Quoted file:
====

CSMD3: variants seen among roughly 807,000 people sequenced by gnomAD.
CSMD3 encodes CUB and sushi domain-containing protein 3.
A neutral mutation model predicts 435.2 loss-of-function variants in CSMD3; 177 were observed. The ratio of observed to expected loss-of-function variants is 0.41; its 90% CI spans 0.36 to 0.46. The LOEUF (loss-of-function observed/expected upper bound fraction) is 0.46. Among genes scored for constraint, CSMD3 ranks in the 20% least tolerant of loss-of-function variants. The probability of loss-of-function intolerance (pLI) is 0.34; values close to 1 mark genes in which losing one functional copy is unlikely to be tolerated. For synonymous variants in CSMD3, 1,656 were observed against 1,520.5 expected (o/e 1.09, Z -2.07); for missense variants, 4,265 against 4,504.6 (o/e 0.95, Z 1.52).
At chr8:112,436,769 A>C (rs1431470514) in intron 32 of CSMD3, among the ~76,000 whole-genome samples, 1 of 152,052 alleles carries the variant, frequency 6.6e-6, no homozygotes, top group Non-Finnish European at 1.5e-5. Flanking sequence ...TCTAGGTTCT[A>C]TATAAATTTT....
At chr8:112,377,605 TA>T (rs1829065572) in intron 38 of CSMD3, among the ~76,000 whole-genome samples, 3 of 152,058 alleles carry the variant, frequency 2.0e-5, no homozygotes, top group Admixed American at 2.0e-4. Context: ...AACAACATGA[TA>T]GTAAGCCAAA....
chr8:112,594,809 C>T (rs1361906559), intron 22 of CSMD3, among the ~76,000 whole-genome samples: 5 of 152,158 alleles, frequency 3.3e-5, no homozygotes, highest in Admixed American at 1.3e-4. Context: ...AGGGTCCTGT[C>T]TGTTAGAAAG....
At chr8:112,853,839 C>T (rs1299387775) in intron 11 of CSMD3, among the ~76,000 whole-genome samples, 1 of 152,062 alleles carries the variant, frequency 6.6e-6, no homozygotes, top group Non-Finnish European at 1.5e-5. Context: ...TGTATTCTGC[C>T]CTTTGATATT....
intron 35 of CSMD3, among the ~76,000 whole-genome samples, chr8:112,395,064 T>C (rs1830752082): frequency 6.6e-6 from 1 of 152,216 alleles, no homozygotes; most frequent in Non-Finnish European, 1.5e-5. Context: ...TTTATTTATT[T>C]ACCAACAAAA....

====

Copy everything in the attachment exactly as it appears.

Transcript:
CSMD3: variants seen among roughly 807,000 people sequenced by gnomAD.
CSMD3 encodes CUB and sushi domain-containing protein 3.
A neutral mutation model predicts 435.2 loss-of-function variants in CSMD3; 177 were observed. The ratio of observed to expected loss-of-function variants is 0.41; its 90% CI spans 0.36 to 0.46. The LOEUF (loss-of-function observed/expected upper bound fraction) is 0.46. Among genes scored for constraint, CSMD3 ranks in the 20% least tolerant of loss-of-function variants. The probability of loss-of-function intolerance (pLI) is 0.34; values close to 1 mark genes in which losing one functional copy is unlikely to be tolerated. For synonymous variants in CSMD3, 1,656 were observed against 1,520.5 expected (o/e 1.09, Z -2.07); for missense variants, 4,265 against 4,504.6 (o/e 0.95, Z 1.52).
At chr8:112,436,769 A>C (rs1431470514) in intron 32 of CSMD3, among the ~76,000 whole-genome samples, 1 of 152,052 alleles carries the variant, frequency 6.6e-6, no homozygotes, top group Non-Finnish European at 1.5e-5. Flanking sequence ...TCTAGGTTCT[A>C]TATAAATTTT....
At chr8:112,377,605 TA>T (rs1829065572) in intron 38 of CSMD3, among the ~76,000 whole-genome samples, 3 of 152,058 alleles carry the variant, frequency 2.0e-5, no homozygotes, top group Admixed American at 2.0e-4. Context: ...AACAACATGA[TA>T]GTAAGCCAAA....
chr8:112,594,809 C>T (rs1361906559), intron 22 of CSMD3, among the ~76,000 whole-genome samples: 5 of 152,158 alleles, frequency 3.3e-5, no homozygotes, highest in Admixed American at 1.3e-4. Context: ...AGGGTCCTGT[C>T]TGTTAGAAAG....
At chr8:112,853,839 C>T (rs1299387775) in intron 11 of CSMD3, among the ~76,000 whole-genome samples, 1 of 152,062 alleles carries the variant, frequency 6.6e-6, no homozygotes, top group Non-Finnish European at 1.5e-5. Context: ...TGTATTCTGC[C>T]CTTTGATATT....
intron 35 of CSMD3, among the ~76,000 whole-genome samples, chr8:112,395,064 T>C (rs1830752082): frequency 6.6e-6 from 1 of 152,216 alleles, no homozygotes; most frequent in Non-Finnish European, 1.5e-5. Context: ...TTTATTTATT[T>C]ACCAACAAAA....